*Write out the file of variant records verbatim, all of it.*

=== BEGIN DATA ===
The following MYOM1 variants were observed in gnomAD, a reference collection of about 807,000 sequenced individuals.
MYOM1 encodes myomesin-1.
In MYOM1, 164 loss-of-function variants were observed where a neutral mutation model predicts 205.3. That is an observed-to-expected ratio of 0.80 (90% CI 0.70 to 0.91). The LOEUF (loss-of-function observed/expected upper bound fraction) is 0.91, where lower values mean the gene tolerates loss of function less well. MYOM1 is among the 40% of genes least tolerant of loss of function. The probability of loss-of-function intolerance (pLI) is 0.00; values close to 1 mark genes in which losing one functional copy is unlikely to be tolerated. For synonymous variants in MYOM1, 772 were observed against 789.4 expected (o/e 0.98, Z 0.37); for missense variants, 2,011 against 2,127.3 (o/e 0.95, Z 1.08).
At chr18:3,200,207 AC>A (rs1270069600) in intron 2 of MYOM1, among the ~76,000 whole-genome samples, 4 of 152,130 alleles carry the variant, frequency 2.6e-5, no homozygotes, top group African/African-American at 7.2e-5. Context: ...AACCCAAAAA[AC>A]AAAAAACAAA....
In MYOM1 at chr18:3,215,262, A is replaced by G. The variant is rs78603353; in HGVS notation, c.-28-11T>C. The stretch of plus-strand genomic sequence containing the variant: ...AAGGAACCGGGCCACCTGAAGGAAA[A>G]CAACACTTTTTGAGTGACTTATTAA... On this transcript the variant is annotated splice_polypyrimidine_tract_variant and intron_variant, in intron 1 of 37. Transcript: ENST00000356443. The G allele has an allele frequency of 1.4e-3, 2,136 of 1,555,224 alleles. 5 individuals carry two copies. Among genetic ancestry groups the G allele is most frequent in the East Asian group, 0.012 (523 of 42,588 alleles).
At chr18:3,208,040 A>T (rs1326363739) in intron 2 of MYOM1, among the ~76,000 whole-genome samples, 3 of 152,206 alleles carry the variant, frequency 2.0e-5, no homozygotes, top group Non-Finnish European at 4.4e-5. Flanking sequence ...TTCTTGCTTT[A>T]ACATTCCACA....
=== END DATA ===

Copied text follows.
The following MYOM1 variants were observed in gnomAD, a reference collection of about 807,000 sequenced individuals.
MYOM1 encodes myomesin-1.
In MYOM1, 164 loss-of-function variants were observed where a neutral mutation model predicts 205.3. That is an observed-to-expected ratio of 0.80 (90% CI 0.70 to 0.91). The LOEUF (loss-of-function observed/expected upper bound fraction) is 0.91, where lower values mean the gene tolerates loss of function less well. MYOM1 is among the 40% of genes least tolerant of loss of function. The probability of loss-of-function intolerance (pLI) is 0.00; values close to 1 mark genes in which losing one functional copy is unlikely to be tolerated. For synonymous variants in MYOM1, 772 were observed against 789.4 expected (o/e 0.98, Z 0.37); for missense variants, 2,011 against 2,127.3 (o/e 0.95, Z 1.08).
At chr18:3,200,207 AC>A (rs1270069600) in intron 2 of MYOM1, among the ~76,000 whole-genome samples, 4 of 152,130 alleles carry the variant, frequency 2.6e-5, no homozygotes, top group African/African-American at 7.2e-5. Context: ...AACCCAAAAA[AC>A]AAAAAACAAA....
In MYOM1 at chr18:3,215,262, A is replaced by G. The variant is rs78603353; in HGVS notation, c.-28-11T>C. The stretch of plus-strand genomic sequence containing the variant: ...AAGGAACCGGGCCACCTGAAGGAAA[A>G]CAACACTTTTTGAGTGACTTATTAA... On this transcript the variant is annotated splice_polypyrimidine_tract_variant and intron_variant, in intron 1 of 37. Transcript: ENST00000356443. The G allele has an allele frequency of 1.4e-3, 2,136 of 1,555,224 alleles. 5 individuals carry two copies. Among genetic ancestry groups the G allele is most frequent in the East Asian group, 0.012 (523 of 42,588 alleles).
At chr18:3,208,040 A>T (rs1326363739) in intron 2 of MYOM1, among the ~76,000 whole-genome samples, 3 of 152,206 alleles carry the variant, frequency 2.0e-5, no homozygotes, top group Non-Finnish European at 4.4e-5. Flanking sequence ...TTCTTGCTTT[A>T]ACATTCCACA....